culinarycory.com said...

Sounds like an interesting fruit.

Elra said...

Oh Susan, you're killing me here.
Those two fruits just remind me of my grandmother's back yard. Both trees are still there in Bali in my grandma's back yard.

Arfi Binsted said...

OMG!! these are my childhood fruits, Susan. I used to climb the guavas trees. And that cherimoyas... it reminds me of Immelda, my friend who used to be good to me. She used to give me this fruit during Christmas time when it was fully grown and fruits are in abundance. Pity I can't find them in NZ.

Rita said...

Susan, I am not sure why the guavas are the atntithesis (??) Christmas cookies (is it something bad??) but thanks for showcasing guavas, they are really amazing, one of my favourite fruits. In Brazil we actually have 2 types, the other one is white inside, both are delicious.The pink one, showed in your post makes an excellent juice.

Rosa's Yummy Yums said...

Those fruits are wonderful! I really love the incredible flavor of cherimoyas...

Cheers,

Rosa

Heidi / Savory Tv said...

Simply wonderful! I will look forward to the day when I have the pleasure of tasting a strawberry guava!

Chris said...

It's funny that my Christmas list didn't include any food at all when there were delicious and exotic fruits just waiting to be splurged on!! Thanks for the heads up :)

Elle said...

Never had the fruit, but I like the jelly. Love the pink and yellow and un-Christmas effect. Christmas was great (228 cookies recipes!!!)these photos are a gorgeous reminder of the tropics.

Manggy said...

Oboy! We have those growing everywhere on my grandmother's farm... Drank tea using its leaves, ate the fruit... So not entirely un-Christmasy for us, lol :) Been ages since I had the jam, though, probably not since I was a kid!

Sanghi said...

First time here. U have a great blog. Do visit mine. Happy holidays!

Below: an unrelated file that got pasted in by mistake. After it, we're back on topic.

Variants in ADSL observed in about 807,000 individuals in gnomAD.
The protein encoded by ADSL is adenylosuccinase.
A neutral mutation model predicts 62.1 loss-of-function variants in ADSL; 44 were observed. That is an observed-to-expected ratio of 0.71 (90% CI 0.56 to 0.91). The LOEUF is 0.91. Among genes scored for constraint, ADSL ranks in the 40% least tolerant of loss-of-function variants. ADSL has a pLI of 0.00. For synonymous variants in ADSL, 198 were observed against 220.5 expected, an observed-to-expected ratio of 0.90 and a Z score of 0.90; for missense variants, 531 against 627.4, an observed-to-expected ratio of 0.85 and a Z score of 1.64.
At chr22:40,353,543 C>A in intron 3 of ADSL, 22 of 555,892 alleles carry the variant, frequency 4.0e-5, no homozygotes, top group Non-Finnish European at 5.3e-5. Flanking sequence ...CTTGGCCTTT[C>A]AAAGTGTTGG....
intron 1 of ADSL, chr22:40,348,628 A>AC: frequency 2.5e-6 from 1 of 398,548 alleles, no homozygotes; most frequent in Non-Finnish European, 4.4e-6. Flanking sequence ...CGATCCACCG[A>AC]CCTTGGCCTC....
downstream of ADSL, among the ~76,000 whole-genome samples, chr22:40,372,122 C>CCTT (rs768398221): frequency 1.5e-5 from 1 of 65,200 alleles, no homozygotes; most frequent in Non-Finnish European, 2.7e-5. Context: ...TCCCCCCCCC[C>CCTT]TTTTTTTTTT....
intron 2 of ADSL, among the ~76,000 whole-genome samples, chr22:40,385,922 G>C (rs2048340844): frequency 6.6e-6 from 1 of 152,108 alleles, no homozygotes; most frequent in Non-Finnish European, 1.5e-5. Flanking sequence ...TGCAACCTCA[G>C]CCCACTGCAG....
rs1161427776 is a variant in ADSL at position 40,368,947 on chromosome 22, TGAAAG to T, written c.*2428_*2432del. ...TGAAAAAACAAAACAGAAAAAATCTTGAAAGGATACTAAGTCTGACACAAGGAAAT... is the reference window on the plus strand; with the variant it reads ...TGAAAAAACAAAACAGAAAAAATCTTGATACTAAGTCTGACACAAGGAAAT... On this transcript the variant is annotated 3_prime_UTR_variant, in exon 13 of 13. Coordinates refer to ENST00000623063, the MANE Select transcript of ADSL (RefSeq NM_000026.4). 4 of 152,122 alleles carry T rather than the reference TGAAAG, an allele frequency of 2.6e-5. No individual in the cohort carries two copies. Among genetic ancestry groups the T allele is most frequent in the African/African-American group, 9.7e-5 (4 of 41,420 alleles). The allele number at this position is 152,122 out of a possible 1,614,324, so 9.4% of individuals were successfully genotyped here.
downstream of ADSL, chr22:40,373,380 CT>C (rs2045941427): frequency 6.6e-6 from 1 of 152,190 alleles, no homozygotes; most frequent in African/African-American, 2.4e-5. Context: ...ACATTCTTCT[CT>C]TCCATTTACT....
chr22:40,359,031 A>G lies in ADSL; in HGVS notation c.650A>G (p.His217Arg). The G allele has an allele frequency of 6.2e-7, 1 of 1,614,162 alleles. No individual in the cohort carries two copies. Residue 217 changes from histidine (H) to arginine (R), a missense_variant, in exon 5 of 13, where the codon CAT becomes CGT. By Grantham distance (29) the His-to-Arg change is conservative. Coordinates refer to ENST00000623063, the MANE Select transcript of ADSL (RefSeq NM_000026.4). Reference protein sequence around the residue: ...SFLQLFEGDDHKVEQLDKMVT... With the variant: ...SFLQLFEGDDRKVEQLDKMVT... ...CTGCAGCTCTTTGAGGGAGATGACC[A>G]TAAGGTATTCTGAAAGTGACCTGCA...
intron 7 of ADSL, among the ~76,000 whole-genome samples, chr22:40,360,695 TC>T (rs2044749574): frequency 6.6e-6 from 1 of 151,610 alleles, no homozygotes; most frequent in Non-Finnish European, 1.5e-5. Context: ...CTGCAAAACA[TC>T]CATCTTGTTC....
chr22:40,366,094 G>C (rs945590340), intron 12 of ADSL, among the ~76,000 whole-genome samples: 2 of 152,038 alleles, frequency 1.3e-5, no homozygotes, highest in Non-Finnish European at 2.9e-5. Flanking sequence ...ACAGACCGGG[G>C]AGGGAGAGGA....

nicisme said...

The cherimoyas look so beautiful and after 228 Xmas cookies, made a delicious change!

Happy Holidays to you Susan!!

T.W. Barritt at Culinary Types said...

What beautiful photos - I can almost taste them from your description! Hope you're enjoying a wonderful holiday!

The Food Hunter said...

Interesting fruit. I would love to try one. I've never seen them here in Arizona.

Brilynn said...

Those are the cutest little fruits! I've never seen them before.

Christine said...

Your guavas are beautiful! Up here in the north we have what we call pineapple guavas and they have a green skin and are more oblong in shape than the ones you show. They are delicious and exactly perfumed as you describe. All leaving me to wonder just what is the kind that we eat as compared to yours. I'll have to do some sleuthing. :)

Lori Lynn said...

Cute idea for a post Susan!
The colors are lovely. Great information here too. Thanks and Happy New Year!
LL

Susan from Food Blogga said...

helene-I hope you cross paths with one too.

sd-I do too! That's why I posted on fruit. :)

cory-It really is.

elra-That must have been an enchanting backyard.

arfi-Oh, I'm so happy this elicited happy memories for you.

rita-I just mean after all those calorie laden, fattening cookies, it's time for something light, fresh, and fruity. :) I have had real guava only once, but it was amazing.

rosa-Aren't they incredible?

heidi-It's a day worth waiting for.

chris- You're welcome. :)